Wednesday 25 April 2018

Young Irishman (26) fighting for release after wrongful detention by armed police in Australia

Bernard Lee
Bernard Lee

Robin Schiller

The family of a young Irishman who was detained in error by armed police in Perth are appealing for the Australian government to release him.

Bernard Lee (26), who is originally from Greystones, Co Wicklow, has been living and working legally in Western Australia for the past seven years.

However on Monday evening he was arrested by armed police and immigration officers at the home he shares with his partner in Highgate, Perth.

Authorities claimed that he had been issued a letter refusing his application for a resident’s visa and cancelling his current business visa, and that he was in breach of the 20-day period to leave the country.

Bernard Lee had recently applied for an employer-sponsored residents’ visa before his detention.

Neither Mr Lee nor his Australian lawyer dealing with the case on his behalf had received such a letter.

He was taken away by armed police to a detention centre run by the Australian Department of Immigration and Border Protection (DIBP), which is located 90km northeast of Perth, where he has since been detained.

Officers for the DIBP have admitted to Mr Lee’s family they made a mistake and that no such letter was ever issued to Bernard or his lawyer. However, they have not committed to any intention of releasing him.

The Wicklow man’s family have said that an appeal process against the wrongful detention could take weeks or months, and are pleading with Australian officials to release him.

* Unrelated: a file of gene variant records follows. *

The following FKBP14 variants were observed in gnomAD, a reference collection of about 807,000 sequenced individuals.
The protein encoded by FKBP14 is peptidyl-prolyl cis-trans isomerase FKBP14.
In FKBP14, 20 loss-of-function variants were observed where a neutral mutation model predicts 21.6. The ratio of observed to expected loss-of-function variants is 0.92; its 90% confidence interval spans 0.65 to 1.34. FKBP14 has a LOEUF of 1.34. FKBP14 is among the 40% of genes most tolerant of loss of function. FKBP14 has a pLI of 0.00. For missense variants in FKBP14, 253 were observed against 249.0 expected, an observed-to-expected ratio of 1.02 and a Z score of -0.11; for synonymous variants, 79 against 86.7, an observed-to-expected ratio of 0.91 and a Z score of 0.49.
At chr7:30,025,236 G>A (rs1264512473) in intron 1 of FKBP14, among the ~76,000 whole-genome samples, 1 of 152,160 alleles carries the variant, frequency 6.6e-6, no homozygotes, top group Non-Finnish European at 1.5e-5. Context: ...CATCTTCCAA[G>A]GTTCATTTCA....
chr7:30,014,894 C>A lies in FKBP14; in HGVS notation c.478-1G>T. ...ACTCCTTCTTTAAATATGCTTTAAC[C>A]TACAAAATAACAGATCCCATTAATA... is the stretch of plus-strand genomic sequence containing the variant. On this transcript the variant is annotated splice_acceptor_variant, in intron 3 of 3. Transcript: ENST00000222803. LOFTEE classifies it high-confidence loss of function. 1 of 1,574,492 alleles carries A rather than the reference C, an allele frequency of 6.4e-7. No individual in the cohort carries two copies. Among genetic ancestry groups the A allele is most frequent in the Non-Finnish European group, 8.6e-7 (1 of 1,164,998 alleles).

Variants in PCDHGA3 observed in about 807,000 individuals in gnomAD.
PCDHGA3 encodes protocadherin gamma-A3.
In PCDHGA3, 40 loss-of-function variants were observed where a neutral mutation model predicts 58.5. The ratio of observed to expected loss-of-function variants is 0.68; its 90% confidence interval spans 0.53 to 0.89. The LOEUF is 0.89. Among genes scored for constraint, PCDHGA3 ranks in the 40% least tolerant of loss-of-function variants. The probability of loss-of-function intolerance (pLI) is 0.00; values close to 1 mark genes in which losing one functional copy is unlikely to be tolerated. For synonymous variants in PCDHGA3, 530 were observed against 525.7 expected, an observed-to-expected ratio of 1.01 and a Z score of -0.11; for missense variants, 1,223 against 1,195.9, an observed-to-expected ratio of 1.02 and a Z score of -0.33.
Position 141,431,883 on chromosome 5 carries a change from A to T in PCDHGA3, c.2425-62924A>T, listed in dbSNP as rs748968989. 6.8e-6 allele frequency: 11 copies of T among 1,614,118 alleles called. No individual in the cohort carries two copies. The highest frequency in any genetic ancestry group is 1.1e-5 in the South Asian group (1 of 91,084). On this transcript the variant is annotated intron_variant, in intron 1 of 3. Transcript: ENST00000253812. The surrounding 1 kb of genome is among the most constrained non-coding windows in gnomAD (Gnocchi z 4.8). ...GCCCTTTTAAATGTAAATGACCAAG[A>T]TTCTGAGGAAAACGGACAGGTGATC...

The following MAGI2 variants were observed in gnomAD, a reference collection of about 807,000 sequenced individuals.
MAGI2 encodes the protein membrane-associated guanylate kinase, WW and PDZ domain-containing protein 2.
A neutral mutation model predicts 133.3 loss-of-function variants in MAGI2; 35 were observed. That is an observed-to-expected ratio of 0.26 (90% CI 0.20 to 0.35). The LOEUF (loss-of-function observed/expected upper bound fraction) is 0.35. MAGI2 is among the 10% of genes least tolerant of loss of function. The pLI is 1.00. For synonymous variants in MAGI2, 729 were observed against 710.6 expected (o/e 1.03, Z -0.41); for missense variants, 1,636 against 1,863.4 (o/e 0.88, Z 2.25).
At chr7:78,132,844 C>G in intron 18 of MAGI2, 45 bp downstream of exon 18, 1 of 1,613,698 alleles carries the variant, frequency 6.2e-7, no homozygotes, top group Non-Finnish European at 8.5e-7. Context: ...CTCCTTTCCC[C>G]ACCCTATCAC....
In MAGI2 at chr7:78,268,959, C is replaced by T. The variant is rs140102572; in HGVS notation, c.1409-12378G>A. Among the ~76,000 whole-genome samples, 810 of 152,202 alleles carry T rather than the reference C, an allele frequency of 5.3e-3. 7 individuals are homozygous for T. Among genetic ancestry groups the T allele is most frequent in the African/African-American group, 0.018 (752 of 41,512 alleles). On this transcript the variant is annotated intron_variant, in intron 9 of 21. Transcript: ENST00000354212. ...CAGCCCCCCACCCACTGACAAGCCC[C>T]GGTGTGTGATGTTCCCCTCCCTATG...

“Bernard does not want to appeal the decision of the Department of Immigration and Border Control because we have been advised that such appeals take months or years, during which time the person is kept in detention. He just wants to come home on the flight he booked for next week,” Bernard’s father Norman told the Irish Independent.

“We have been advised that the Australian Immigration authorities regularly detain people in this facility for months without reason while they process paperwork,” said his brother Robert.

“My mum is seriously ill and has intense migraines from worrying about it,” he added.

Ironically, Bernard had booked a flight out of Australia for next Wednesday to join his Australian girlfriend in Europe, where they plan to celebrate his brother’s engagement with his family in Ireland.

The immigration lawyer has however advised that, based on his experience of Australian immigration system, it is unlikely that Bernard will be allowed to take his flight out of Australia and will instead be incarcerated for weeks or months.

The detention centre, Yongah Hill in Northam in Western Australia, is composed of four compounds.

It made international news last September when a 40 year old man doused himself in petrol and set himself on fire, after being held there for about eight months.

A 27-year-old detainee had also died there shortly beforehand, after being held for three years.

Over the last year, there has also been a focus on violent brawls involving detainees at the centre, which houses convicted criminals, asylum seekers and others.

The family are appealing for the assistance of anyone in Australia who may be able to help secure Bernard’s release from detention, to allow him to come home to Ireland.

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